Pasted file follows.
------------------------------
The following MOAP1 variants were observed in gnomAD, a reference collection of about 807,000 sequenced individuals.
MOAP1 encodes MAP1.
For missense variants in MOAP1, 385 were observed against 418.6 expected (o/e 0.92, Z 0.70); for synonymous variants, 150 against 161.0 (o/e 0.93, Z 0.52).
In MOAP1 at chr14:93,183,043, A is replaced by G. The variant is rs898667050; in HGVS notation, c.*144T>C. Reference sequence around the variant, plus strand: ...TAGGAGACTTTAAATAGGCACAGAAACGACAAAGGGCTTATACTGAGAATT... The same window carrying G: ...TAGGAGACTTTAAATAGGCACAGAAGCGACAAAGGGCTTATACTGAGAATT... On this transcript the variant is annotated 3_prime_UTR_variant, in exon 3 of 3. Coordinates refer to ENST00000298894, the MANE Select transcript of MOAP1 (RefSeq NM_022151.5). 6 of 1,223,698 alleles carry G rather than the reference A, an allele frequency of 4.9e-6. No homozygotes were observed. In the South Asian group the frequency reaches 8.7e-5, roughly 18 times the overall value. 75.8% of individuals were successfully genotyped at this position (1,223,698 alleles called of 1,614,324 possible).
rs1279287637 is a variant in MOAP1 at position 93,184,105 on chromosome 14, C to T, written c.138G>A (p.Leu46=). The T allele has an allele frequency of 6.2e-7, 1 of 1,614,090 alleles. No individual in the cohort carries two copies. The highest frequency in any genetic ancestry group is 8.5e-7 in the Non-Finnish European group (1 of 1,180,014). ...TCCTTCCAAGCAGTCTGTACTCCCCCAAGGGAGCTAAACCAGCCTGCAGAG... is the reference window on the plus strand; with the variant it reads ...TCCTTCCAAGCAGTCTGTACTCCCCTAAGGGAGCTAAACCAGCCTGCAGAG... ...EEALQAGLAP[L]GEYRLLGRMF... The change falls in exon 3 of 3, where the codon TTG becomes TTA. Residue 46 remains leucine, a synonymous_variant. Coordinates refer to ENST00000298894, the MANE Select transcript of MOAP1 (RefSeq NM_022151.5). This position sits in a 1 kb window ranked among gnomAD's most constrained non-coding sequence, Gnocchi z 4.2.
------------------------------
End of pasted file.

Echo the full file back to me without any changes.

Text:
The following MOAP1 variants were observed in gnomAD, a reference collection of about 807,000 sequenced individuals.
MOAP1 encodes MAP1.
For missense variants in MOAP1, 385 were observed against 418.6 expected (o/e 0.92, Z 0.70); for synonymous variants, 150 against 161.0 (o/e 0.93, Z 0.52).
In MOAP1 at chr14:93,183,043, A is replaced by G. The variant is rs898667050; in HGVS notation, c.*144T>C. Reference sequence around the variant, plus strand: ...TAGGAGACTTTAAATAGGCACAGAAACGACAAAGGGCTTATACTGAGAATT... The same window carrying G: ...TAGGAGACTTTAAATAGGCACAGAAGCGACAAAGGGCTTATACTGAGAATT... On this transcript the variant is annotated 3_prime_UTR_variant, in exon 3 of 3. Coordinates refer to ENST00000298894, the MANE Select transcript of MOAP1 (RefSeq NM_022151.5). 6 of 1,223,698 alleles carry G rather than the reference A, an allele frequency of 4.9e-6. No homozygotes were observed. In the South Asian group the frequency reaches 8.7e-5, roughly 18 times the overall value. 75.8% of individuals were successfully genotyped at this position (1,223,698 alleles called of 1,614,324 possible).
rs1279287637 is a variant in MOAP1 at position 93,184,105 on chromosome 14, C to T, written c.138G>A (p.Leu46=). The T allele has an allele frequency of 6.2e-7, 1 of 1,614,090 alleles. No individual in the cohort carries two copies. The highest frequency in any genetic ancestry group is 8.5e-7 in the Non-Finnish European group (1 of 1,180,014). ...TCCTTCCAAGCAGTCTGTACTCCCCCAAGGGAGCTAAACCAGCCTGCAGAG... is the reference window on the plus strand; with the variant it reads ...TCCTTCCAAGCAGTCTGTACTCCCCTAAGGGAGCTAAACCAGCCTGCAGAG... ...EEALQAGLAP[L]GEYRLLGRMF... The change falls in exon 3 of 3, where the codon TTG becomes TTA. Residue 46 remains leucine, a synonymous_variant. Coordinates refer to ENST00000298894, the MANE Select transcript of MOAP1 (RefSeq NM_022151.5). This position sits in a 1 kb window ranked among gnomAD's most constrained non-coding sequence, Gnocchi z 4.2.